Prop odds model: unable to resolve node...

alexander
2011-12-01
2012-11-06
  • alexander

    alexander - 2011-12-01

    Hi, I'm trying to fit a proportional odds model where 'volume' is the ordinal
    response (K categories) and 'temp30' is a dicotomic factor, but I receive the
    following error:

    Errore in jags.model(model.file, data = data, inits = inits, n.chains =
    n.chains, :

    RUNTIME ERROR:

    Compilation error on line 18.

    Unable to resolve node eta

    This may be due to an undefined ancestor node or a directed cycle in the graph

    This is the code:

    model{

    for (i in 1:N) {

    for (j in 1:K-1) {

    logit(cump) <- eta-b*temp30_+delta[assessor_]

    }

    p <- cump

    for (j in 2:K-1) {

    p <- cump-cump

    }

    p <- 1-cump

    volume_ ~ dcat(p)

    }

    b ~ dnorm(0,0.001)

    OR <- exp(b)

    tau ~ dgamma(0.001,0.001)

    sigma.u <- 1/sqrt(tau)

    for (aux in 1:L) {

    delta ~ dnorm(0,tau)

    }

    eta ~ dnorm(0,1) I(,eta)

    for (aux in 2:K-2) {

    eta ~ dnorm(0,1) I(eta,eta)

    }

    eta ~ dnorm(0,1) I(eta,)

    }

    Any suggestioon?

    Many thanks in advance and best wishes,

    Alessandro Magrini___

     
  • Martyn Plummer

    Martyn Plummer - 2011-12-01

    As the error message says, you have a directed cycle in your model: eta is
    defined in terms of eta and eta is defined in terms of eta. This is not
    allowed in JAGS.

    You want to impose a prior ordering on eta ... eta. Specifically, these are
    the order statistics of K-1 samples from a normal(0,1) distribution. An
    alternative way of getting this is given in the manual

    for (j in 1:(K-1)) {
       eta.raw[j] ~ dnorm(0,1)
    }
    eta <- sort(eta.raw)
    

    Your mileage may vary. You can fit your original model in WinBUGS, however.

     
  • alexander

    alexander - 2011-12-02

    Thanks a lot for the reply. I've tryed this:

    model{

    for (i in 1:N) {

    for (j in 1:(K-1)) {

    logit(cum) <- eta-b.temp30*temp30_+delta[assessor_]

    }

    p <- cum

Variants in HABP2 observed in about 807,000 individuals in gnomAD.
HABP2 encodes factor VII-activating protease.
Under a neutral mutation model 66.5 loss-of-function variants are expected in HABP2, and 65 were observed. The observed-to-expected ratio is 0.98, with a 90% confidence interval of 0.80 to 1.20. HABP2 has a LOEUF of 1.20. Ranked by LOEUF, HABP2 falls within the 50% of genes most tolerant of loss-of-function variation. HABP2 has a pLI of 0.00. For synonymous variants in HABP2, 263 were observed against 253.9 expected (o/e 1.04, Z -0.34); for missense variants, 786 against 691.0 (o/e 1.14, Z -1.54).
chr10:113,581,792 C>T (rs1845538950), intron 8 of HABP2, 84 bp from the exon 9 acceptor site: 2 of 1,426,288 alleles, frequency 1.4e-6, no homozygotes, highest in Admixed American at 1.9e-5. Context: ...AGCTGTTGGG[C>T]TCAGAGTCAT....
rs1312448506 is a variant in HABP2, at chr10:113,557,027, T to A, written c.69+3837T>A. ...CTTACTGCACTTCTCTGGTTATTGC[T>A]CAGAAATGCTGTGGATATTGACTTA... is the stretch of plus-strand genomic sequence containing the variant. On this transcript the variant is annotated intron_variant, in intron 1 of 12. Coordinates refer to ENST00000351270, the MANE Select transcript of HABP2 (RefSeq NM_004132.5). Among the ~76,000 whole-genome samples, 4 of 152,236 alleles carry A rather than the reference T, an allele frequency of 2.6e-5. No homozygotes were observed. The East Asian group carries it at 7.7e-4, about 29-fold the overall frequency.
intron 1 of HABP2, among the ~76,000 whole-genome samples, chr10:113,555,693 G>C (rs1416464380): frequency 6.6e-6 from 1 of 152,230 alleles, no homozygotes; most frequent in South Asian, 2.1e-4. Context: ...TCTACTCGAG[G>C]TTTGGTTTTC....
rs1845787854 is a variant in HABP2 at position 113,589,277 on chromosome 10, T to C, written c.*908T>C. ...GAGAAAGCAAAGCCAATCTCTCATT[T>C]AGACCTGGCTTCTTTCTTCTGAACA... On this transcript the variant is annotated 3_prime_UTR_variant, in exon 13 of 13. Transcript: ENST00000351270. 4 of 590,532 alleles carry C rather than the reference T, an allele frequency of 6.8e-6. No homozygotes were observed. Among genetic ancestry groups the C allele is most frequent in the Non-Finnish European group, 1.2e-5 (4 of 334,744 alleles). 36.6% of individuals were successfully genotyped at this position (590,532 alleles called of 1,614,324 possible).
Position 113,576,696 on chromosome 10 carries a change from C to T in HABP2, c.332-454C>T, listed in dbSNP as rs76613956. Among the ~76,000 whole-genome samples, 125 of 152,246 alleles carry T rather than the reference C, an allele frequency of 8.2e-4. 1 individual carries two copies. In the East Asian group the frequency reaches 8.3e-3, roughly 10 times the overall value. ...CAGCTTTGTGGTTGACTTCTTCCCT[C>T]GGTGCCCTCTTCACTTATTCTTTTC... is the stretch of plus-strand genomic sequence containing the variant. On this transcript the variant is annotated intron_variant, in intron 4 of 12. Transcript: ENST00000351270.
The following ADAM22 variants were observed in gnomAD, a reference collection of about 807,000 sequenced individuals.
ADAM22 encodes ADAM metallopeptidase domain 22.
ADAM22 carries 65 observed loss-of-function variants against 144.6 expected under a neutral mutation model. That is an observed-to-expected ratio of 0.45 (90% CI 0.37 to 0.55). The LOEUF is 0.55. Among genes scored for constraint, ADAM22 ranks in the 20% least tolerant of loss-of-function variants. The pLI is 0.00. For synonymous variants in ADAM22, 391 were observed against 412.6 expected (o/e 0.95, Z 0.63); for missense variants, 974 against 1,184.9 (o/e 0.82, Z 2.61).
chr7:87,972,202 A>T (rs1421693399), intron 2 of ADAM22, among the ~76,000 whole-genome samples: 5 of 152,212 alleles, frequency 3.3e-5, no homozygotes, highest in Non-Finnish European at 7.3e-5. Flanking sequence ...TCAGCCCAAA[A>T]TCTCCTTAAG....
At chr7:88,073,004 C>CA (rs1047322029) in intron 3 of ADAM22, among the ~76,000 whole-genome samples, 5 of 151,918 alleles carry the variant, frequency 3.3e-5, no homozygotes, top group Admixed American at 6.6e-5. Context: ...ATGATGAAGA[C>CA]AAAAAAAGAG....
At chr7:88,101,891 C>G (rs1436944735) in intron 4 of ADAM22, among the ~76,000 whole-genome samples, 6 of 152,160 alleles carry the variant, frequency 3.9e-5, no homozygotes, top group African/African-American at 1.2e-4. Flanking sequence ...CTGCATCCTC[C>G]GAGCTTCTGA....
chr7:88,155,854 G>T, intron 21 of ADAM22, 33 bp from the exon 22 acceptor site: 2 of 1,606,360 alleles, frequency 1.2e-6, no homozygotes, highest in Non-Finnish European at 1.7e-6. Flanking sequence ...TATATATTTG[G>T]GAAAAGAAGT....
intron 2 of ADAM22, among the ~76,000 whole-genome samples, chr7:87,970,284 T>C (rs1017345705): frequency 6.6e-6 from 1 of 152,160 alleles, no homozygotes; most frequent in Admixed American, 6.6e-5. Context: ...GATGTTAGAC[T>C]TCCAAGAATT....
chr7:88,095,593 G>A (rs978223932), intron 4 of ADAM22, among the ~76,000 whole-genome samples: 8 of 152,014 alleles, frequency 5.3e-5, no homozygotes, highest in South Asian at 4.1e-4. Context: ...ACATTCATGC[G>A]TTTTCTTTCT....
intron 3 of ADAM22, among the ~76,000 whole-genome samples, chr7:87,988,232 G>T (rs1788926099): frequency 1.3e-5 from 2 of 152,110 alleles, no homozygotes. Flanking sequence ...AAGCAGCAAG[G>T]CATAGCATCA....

for (j in 2:(K-1)) {

    p <- cum-cum

    }

    p <- 1-cum

    volume_ ~ dcat(p)

    }

    for (j in 1:(K-1)) {

    eta.raw ~ dnorm(0,1)

    }

    eta <- sort(eta.raw)

    b.temp30 ~ dnorm(0,0.001)

    tau ~ dgamma(0.001,0.001)

    sigma.u <- 1/sqrt(tau)

    for (j in 1:L) {

    delta ~ dnorm(0,tau)

    }

    }

    and I get:

    "Error in setParameters(init.values[_], i) : Error in node eta. Attempt to set
    value of non-variable node"

    Am I wrong?____

     
  • Martyn Plummer

    Martyn Plummer - 2011-12-02

    Set initial values for "eta.raw" not "eta", which is no longer a stochastic
    node in this revised model.

     
  • alexander

    alexander - 2011-12-02

    Yeah, now it works well!

    Thanks very very much and congratulations for your software

     
  • alexander

    alexander - 2012-11-06

    Hi,

    I'm updating this old topic to ask for information about the difference between writing:

    for (j in 1:(K-1)) {
       eta.raw[j] ~ dnorm(0,1)
    }
    eta <- sort(eta.raw)
    

    and

    eta[1] ~ dnorm(0,1)
    eta[2] ~ dnorm(0,1)T(eta[1],)
    ...
    eta[K-1] ~ dnorm(0,1)T(eta[K-2],)
    

    the first solution has proven to be more efficient, I suppose because no sampled value is discarded, but is really analogous to the truncation, which is the theoretically correct way to solve the problem?

    If so, why? (anyway, avoid an in depth technical explanation...)

     
    Last edit: Martyn Plummer 2012-11-06
  • Martyn Plummer

    Martyn Plummer - 2012-11-06

    No these are definitely not the same.

    Suppose you have no data and are just sampling from the prior. In the first case, eta[1] is the smallest of (K-1) standard normal distributions. For K=11, eta[1] has mean -1.54 and standard deviation (SD) 0.59. In the second case, eta[1] has a standard normal distribution with mean 0 and SD 1

     

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